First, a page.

Reducing pre-and post decision anxiety or dissonance is an important function of the salesperson. Recognizing that the buyer’s dissonance varies both according to whether the product is an established or a new one, and whether the salesperson client relation is ongoing or new, these are four types of cases involving the salesperson’s role.
1. An established product – an ongoing salesperson – client relationship. Unless the market is unstable, the buyer tends toward automatic response behavior, in which no learning is involved and thus experiences little, if any, dissonance; but insofar as it does occur, the salesperson is effective because the salesperson is trusted by the buyer.
2. An established product – a new salesperson – client relationship. The salesperson, being new, is less effective in reducing dissonance.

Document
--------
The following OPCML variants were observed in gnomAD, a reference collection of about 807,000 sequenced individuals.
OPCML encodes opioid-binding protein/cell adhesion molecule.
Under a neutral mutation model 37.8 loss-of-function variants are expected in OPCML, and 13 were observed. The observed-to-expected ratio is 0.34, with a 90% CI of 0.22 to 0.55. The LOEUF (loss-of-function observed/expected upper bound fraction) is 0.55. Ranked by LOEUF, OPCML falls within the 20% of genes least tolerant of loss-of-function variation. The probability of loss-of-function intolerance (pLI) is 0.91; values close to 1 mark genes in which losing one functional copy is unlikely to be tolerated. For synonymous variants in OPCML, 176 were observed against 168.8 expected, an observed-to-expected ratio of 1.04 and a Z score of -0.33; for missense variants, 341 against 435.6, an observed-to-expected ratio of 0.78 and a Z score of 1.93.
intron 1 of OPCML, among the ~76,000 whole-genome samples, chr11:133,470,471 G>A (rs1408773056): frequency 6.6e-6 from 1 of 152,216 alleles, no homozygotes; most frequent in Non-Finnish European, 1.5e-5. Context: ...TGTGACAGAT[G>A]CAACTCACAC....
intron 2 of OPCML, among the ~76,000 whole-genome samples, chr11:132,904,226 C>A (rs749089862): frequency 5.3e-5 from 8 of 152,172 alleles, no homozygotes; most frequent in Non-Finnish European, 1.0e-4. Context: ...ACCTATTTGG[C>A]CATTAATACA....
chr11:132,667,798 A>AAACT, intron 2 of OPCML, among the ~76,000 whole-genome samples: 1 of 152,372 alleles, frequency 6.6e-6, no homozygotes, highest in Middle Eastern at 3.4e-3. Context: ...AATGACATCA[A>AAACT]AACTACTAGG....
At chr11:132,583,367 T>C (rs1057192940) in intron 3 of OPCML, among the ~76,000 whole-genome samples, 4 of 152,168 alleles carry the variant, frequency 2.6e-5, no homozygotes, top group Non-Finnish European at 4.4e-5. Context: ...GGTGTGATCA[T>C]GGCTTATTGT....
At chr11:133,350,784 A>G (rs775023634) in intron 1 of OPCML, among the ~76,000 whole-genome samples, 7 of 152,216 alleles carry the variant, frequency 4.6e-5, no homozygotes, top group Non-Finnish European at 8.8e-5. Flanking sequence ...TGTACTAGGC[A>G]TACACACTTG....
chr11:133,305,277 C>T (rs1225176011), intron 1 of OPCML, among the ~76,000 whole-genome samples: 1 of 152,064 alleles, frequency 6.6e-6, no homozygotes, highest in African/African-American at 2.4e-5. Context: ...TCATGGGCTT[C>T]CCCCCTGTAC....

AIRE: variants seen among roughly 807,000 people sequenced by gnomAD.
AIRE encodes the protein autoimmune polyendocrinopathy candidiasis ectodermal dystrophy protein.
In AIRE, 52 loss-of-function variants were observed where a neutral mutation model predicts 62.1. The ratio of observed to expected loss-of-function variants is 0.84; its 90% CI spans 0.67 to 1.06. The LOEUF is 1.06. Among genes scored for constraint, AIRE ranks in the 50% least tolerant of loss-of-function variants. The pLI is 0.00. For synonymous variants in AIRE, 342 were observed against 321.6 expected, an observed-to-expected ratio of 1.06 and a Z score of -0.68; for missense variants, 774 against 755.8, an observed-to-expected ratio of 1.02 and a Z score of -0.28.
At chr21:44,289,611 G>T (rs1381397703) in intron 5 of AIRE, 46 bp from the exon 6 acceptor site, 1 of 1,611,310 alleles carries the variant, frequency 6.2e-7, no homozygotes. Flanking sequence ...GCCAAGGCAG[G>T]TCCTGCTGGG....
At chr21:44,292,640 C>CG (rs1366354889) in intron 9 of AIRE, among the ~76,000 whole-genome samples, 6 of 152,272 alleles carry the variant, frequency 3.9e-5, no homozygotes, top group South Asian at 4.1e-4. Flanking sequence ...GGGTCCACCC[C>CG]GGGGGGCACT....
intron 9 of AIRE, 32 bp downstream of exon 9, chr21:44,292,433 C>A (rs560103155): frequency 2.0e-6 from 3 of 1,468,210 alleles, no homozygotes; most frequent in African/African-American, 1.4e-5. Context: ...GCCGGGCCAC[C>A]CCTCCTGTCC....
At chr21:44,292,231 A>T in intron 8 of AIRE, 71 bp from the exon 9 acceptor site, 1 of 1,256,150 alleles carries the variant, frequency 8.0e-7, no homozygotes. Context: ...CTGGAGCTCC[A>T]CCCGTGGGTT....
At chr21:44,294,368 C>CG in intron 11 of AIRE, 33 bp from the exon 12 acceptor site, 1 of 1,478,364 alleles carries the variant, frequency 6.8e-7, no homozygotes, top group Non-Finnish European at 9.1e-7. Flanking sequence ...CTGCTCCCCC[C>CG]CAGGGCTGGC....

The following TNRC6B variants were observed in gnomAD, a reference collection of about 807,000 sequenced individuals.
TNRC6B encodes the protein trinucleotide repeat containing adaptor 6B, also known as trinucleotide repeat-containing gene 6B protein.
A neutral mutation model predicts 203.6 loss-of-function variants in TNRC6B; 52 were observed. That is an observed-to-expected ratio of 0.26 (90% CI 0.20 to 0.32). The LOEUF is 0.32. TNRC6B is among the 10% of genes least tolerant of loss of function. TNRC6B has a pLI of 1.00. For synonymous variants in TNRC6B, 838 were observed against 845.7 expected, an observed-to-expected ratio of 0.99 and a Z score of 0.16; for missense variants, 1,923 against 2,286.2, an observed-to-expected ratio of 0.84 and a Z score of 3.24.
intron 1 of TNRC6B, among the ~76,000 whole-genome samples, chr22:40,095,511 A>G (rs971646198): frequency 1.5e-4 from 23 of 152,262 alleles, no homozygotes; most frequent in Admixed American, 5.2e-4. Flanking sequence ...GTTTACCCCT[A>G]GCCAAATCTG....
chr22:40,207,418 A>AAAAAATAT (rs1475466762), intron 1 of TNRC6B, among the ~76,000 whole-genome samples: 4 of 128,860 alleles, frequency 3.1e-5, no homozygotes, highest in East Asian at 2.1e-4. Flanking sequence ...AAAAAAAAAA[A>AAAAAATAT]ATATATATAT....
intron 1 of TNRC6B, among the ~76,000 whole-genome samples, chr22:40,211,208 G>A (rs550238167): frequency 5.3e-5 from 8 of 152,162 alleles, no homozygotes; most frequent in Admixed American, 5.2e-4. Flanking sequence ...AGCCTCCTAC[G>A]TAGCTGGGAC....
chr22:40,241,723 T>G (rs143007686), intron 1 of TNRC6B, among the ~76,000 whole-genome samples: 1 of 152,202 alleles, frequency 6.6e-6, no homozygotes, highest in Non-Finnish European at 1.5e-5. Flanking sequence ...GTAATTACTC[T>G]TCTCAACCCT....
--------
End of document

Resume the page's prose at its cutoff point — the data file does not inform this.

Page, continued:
3. A new product and ongoing salesperson-client relationship. Unless the buyer generalizes from personal experience with an established similar product, the buyer experiences dissonance, especially if it is an important product. Because of the established relationship with the buyer, the salesperson can reduce dissonance.
4. A new product-a new salesperson-client relationship. The buyer needs dissonance reduction, and the salesperson is less capable of providing it.
How can a salesperson facilitate the buyer’s dissonance reduction? Two ways are
(1) to emphasize the advantages of the product purchased, while stressing the disadvantages of the forgone alternatives, and
(2) to show that many characteristics of the chosen item are similar to products the buyer has forgone, but which are approved by the reference groups.
In other words, the buyer experiencing cognitive dissonance needs reassuring that the decision is or was a wise one; the salesperson provides information that permits the buyer to rationalize the decision
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